First Building - Looking for Advice

15 Replies

After looking for a building local to my area with a decent potential cash flow, I have found a 19 unit building in a rather remote northern suburb of Detroit (Northern Macomb County for those of you that know the area).  Upon working with a buyer broker who is a friend of your family, we have a verbal agreement to draw up PSA based on a set price point.

There are some questions that I have regarding the process, thus far, and what to demand in the PSA regarding the due diligence period.

In this market, is it standard for a seller to refuse to release the true profit and loss documents until after a PSA is signed?  Of course, the due diligence would have plenty of provisions for obtaining and analyzing the P&L (Tax forms, utility bills, service contracts, etc), but I of course would have liked to have seen these numbers before spending the time, effort, and money needed to determine what the seller is holding back.  I have a rent roll but, the expenses are based a combination of pro forma numbers, adjusted to my version of what they should be, and research that I could do ahead of time (County property tax records, insurance quotes from my agent who insures my SFRs, asking service providers for an opinion, etc).  Should I demand seeing the P&L before entering into due diligence?  

I don't want to end up getting a reputation for retrading after the face, but I'm sure that I will find at least a few surprises, when I go through the documents and the physical inspections.

  • Numbers
    • Purchase price $875,000
    • Units 19 2 Bedroom
    • C Building, C Neighborhood, Low crime, Rural within driving distance to metropolitan jobs
    • Gross Rents (Rent Roll) - $10,600/month
    • Less 5% Vacancy  - $120,480/year
    • Management @10% = $12,720
    • Legal, Marketing, Administrative (My Estimate) - $1500
    • Landscaping and Snow Plowing (Pro Forma) - $2,631
    • Other Maintenance and Repairs (Estimate based on 10% total M&R) -  $11,481
    • Utilities (Common areas only Pro forma) - $1,069
    • Total Operating Expenses - $52,013
    • Expense Ratio 41% of gross scheduled
    • NOI - $68,827
    • Operating Cap at Purchase Price - 7.87%
    • CapEx Reserves (Not included in NOI) - $300/unit per year

Does anything seem out of place, based on these numbers?  The expense ratio may seem low, but it is a newer building and currently 100% occupied (rents are being held low to keep occupancy up, relative to surrounding propeties).

Any input would be greatly appreciated.

    @David Calme - I agree with @Michael Ohara , the utilities seem low.  Even if tenants pay water, sewer, and trash, that would probably be a bit low as you'd be paying for utilities in any vacant units. 

    I'd increase vacancy, especially given the size of the property with only 19 units.

    I think an expense ratio of 41% for a property of this size is a bit low.  It's tough to say without seeing historicals but I would probably beef up the expenses a bit more.  If the owner pays for water/sewer, I would think you'd be closer to 50%.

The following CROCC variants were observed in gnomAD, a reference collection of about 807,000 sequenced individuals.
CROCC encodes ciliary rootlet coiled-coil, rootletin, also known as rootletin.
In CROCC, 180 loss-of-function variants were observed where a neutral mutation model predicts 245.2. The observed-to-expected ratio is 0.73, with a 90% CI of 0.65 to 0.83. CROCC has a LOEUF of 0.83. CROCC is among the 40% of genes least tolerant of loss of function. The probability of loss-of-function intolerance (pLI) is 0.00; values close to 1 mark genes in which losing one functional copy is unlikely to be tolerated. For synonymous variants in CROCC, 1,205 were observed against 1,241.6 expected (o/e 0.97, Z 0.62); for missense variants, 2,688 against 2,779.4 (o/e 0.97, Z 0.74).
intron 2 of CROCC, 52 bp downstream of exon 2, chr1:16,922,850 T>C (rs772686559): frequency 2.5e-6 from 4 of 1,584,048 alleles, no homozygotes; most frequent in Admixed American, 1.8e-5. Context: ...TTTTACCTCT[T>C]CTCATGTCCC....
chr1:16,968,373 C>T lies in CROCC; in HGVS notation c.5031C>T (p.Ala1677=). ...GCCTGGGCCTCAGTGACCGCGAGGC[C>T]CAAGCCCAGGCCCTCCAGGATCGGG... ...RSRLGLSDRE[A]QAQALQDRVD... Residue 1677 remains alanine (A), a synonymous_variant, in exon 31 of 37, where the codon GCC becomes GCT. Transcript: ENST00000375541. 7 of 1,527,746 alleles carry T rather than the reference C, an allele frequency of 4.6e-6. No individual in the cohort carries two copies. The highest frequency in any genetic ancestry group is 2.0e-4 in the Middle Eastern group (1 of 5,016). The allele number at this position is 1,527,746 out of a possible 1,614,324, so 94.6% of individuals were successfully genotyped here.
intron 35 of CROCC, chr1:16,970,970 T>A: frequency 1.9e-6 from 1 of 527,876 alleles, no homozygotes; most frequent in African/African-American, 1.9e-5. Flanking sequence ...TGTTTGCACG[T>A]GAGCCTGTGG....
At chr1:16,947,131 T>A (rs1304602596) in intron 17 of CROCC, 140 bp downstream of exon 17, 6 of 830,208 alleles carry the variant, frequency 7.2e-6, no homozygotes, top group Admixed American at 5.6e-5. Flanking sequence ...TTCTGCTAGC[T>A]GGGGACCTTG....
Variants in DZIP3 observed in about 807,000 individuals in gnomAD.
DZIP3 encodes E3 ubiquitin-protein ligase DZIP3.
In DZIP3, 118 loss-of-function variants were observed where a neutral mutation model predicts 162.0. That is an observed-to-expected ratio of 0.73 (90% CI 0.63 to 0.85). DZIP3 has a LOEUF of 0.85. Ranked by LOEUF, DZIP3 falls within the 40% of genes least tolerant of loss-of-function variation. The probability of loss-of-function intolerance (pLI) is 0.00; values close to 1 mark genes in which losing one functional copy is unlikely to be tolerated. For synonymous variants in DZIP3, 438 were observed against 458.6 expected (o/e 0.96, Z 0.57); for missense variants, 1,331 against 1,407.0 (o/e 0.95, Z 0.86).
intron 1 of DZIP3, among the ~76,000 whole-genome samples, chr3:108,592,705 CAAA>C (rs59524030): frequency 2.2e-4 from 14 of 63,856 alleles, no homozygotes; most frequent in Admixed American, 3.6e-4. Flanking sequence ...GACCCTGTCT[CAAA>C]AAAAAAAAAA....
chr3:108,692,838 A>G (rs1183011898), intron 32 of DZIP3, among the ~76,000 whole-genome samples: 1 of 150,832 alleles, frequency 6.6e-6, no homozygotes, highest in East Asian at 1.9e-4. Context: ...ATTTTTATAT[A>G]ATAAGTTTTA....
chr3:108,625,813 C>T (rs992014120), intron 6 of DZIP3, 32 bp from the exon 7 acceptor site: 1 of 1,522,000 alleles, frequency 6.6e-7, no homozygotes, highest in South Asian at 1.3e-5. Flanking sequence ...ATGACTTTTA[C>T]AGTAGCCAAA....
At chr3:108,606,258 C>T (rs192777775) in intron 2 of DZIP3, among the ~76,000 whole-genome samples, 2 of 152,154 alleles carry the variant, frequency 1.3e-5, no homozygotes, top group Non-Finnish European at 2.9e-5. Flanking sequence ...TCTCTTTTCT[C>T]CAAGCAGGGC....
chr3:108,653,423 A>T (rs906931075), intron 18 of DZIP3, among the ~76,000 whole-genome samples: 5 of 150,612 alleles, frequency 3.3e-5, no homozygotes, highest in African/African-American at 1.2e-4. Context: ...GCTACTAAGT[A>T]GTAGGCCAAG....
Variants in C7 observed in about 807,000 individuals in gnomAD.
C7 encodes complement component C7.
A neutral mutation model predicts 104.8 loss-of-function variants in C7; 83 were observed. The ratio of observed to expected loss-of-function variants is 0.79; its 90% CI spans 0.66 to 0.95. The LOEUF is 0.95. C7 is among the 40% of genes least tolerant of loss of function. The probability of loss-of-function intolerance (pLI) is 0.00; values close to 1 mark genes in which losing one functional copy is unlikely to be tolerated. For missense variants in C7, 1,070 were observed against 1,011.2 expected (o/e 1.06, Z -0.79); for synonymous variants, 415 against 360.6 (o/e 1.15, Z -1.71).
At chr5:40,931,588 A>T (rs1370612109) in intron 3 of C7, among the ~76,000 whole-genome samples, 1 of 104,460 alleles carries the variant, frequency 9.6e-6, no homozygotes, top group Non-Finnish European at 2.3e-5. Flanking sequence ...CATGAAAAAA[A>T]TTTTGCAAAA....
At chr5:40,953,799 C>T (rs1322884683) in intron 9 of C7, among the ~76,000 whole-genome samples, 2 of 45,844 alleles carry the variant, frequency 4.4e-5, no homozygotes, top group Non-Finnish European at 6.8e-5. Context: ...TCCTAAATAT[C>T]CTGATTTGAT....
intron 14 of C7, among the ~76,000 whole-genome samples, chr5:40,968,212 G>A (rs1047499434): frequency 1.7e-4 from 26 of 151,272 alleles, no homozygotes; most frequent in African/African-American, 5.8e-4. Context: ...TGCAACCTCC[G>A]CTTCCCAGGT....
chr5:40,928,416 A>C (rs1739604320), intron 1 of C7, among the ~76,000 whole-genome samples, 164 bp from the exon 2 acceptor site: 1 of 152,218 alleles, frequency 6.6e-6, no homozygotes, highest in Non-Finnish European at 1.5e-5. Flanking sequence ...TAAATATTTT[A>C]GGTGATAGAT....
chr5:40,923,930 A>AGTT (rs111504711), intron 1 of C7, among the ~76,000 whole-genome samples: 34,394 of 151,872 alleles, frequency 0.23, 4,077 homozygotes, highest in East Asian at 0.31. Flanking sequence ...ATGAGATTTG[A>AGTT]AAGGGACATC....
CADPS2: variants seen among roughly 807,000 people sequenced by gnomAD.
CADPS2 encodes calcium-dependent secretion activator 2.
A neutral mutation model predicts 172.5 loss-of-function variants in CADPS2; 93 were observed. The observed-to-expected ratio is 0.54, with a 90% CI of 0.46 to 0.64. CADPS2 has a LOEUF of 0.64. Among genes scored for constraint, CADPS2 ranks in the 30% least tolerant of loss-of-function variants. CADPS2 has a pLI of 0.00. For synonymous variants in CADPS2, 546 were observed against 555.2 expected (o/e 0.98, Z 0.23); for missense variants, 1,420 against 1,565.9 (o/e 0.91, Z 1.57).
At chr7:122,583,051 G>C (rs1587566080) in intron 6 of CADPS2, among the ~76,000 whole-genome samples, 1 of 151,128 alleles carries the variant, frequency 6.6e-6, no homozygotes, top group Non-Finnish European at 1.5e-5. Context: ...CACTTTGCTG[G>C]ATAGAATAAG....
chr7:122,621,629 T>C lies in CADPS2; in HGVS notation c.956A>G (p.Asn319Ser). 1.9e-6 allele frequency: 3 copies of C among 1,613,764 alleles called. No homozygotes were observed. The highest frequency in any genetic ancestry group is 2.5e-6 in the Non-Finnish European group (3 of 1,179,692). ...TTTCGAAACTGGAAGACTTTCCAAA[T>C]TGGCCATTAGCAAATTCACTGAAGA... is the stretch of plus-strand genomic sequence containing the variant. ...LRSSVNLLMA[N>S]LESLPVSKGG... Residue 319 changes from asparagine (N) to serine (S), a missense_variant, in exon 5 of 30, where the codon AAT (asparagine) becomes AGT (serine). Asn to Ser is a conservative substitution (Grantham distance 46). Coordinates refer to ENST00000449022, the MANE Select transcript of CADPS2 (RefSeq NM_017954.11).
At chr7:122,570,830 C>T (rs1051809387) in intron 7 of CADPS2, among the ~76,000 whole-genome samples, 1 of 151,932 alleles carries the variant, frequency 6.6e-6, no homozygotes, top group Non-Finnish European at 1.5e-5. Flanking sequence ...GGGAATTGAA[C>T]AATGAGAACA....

@David Calme congrats on finding a property that fits your criteria. Not an easy task these days. 

    From a quick glance:

    • utilities seem low
    • Vacancy seems low
    • missing: loss to lease, property taxes and insurance expenses 
    • Most banks require the reserves to be above the line (in the NOI)
    Good luck 

    @Michael Ohara - Thank you for your input.  Tenants pay utilities for the units.  Individual gas forced air furnaces with A/C condensers.  I have several local property managers that tell me that they will do 19 units for 8%.  However, I like to be conservative in regards to PM.  

    @Brendan Kelly - Good point about vacancy as it relates to utilities. I should beef up the utilities a little. If I allow more for vacancy, it will probably get closer to expenses 45%-50% of gross. Thank you for your insights. I will see how it plays out when I see the actual expenses. Is it common for a seller to refuse to show at least a T12 before having a PSA or could they be hiding something that they hope I would chose to ignore during due diligence?

    @Joseph Gozlan - Thank you for pointing the taxes and insurance.  Sorry, I had them in the analysis and total, but neglected to put them in the post.  Taxes are indeed the largest single expense in my area.  I am relatively secure with those number as they are taken from county records and from my insurance agent that I work with on other properties.  If I lump loss to lease into vacancy and bump it up to 8-10% do you think that would cover it?  Thank you for the good advice.

    Originally posted by @David Calme :

    @Joseph Gozlan - Thank you for pointing the taxes and insurance.  Sorry, I had them in the analysis and total, but neglected to put them in the post.  Taxes are indeed the largest single expense in my area.  I am relatively secure with those number as they are taken from county records and from my insurance agent that I work with on other properties.  If I lump loss to lease into vacancy and bump it up to 8-10% do you think that would cover it?  Thank you for the good advice.